EUCLID, Ohio - Mary Ellen and Mel Wainio of Euclid were hoping they would be sent the generic equivalent of Nexium through the mail. What they received was five months of headaches and $490 bill from a collection agency.
The Wainios told NewsChannel5 Troubleshooter Joe Pagonakis the problems started when their doctor sent the wrong prescription to CVS Caremark for name brand Nexium, instead of the generic version.
The Wainios quickly contacted their doctor, CVS, and their credit card company. CVS sent the couple generic Nexium, but failed to send them the return mailer for name brand drugs.
The Wainios claim they contacted CVS 6 times, each time the company promised to send the return mailer, but in every case, the mailer failed to show up in their mailbox.
The Wainios also said they contacted CVS a seventh time and were then told the 90 day window to return the drugs had expired. A $490 bill from a collection agency was being sent to their home.
"I was very upset," said Mary Ellen Wainio. "They gave us 30 days, and said if they didn't hear from us within 30 days, they were going to ruin our credit."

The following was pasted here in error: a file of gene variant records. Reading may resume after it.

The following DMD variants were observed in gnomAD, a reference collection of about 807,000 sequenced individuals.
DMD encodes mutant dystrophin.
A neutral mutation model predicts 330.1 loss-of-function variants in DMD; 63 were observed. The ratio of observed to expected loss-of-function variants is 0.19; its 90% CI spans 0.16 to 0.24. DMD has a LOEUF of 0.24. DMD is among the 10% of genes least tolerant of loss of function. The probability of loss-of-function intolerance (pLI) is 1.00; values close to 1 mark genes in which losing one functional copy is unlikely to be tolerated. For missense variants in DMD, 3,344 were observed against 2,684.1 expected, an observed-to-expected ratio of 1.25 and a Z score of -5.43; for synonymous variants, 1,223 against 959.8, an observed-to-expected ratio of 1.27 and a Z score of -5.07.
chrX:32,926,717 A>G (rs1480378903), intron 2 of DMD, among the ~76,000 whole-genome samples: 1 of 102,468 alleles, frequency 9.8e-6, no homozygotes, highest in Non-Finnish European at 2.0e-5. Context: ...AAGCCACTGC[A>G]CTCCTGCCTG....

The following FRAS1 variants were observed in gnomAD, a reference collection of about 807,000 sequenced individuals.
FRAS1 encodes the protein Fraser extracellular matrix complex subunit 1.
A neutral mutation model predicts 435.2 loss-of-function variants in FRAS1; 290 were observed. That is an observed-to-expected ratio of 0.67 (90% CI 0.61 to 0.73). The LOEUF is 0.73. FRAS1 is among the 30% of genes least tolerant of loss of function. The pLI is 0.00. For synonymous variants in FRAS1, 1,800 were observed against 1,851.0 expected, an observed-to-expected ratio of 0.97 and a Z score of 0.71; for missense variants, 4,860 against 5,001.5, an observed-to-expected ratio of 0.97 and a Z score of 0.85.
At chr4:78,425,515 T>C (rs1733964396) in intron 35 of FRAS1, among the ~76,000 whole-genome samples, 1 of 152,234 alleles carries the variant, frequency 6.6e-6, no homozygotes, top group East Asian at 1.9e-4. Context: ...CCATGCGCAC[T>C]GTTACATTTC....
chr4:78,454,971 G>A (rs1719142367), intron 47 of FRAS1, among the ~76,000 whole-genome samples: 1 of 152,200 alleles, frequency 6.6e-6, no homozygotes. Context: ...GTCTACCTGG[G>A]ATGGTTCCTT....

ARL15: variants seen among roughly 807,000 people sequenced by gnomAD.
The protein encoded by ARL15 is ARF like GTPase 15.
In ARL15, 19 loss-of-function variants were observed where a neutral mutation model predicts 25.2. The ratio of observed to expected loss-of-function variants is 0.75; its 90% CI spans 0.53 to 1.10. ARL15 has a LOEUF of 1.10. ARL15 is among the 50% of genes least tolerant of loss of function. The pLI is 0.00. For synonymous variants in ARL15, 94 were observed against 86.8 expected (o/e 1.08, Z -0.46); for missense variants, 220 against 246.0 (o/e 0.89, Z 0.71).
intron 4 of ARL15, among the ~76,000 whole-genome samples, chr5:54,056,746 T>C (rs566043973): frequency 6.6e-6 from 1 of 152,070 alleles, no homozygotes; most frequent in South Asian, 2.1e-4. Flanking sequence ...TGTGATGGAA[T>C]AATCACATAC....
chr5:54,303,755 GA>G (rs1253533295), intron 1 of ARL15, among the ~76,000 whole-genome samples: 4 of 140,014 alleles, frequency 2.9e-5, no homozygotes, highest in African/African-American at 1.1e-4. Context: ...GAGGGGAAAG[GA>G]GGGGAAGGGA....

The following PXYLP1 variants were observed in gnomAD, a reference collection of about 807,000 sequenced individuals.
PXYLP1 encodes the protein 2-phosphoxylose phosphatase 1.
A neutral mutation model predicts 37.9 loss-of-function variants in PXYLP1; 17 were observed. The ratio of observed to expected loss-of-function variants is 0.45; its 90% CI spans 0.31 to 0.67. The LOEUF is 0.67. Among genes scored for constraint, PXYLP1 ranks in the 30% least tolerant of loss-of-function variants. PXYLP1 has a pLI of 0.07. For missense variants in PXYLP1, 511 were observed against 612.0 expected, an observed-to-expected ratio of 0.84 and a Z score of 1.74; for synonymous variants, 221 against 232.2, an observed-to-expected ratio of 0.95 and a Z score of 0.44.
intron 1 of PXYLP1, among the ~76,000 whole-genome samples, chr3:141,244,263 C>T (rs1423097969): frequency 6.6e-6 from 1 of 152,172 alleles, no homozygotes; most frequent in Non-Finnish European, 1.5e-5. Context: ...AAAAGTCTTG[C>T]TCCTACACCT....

5 On Your Side contacted CVS Caremark headquarters about this case, and within 24 hours CVS contacted the Wainio's, issued an apology, dropped the $490 bill, and sent a return mailer to their Euclid home.
CVS Caremark then issued the following written statement:
"When we receive a member service inquiry, we work directly with the member, the health plan sponsor and the prescribing physician as necessary to resolve the matter. In this case, our records reflect that CVS Caremark filled the original prescription correctly as written by the member's physician."
"We are reaching out to the member today in order to resolve the issue to the member's satisfaction and coordinate the return of the medication in question and issue an appropriate refund."
The Wainios urged consumers to be diligent when fighting for refunds, and keep accurate written records during their battle.
"Keep documentation on everything," said Mel Wainio. "Every time you contact somebody, what was said, and who was going to do what. Time and date each conversation, so you have a record of what's going on."
The Wainios also asked to speak to customer service supervisors, moving up the corporate ladder with each phone call, which can be extremely effective.
Mary Ellen Wainio stressed that consumers shouldn't give up, and be persistent.
"Absolutely, absolutely, this only proves that your have to fight."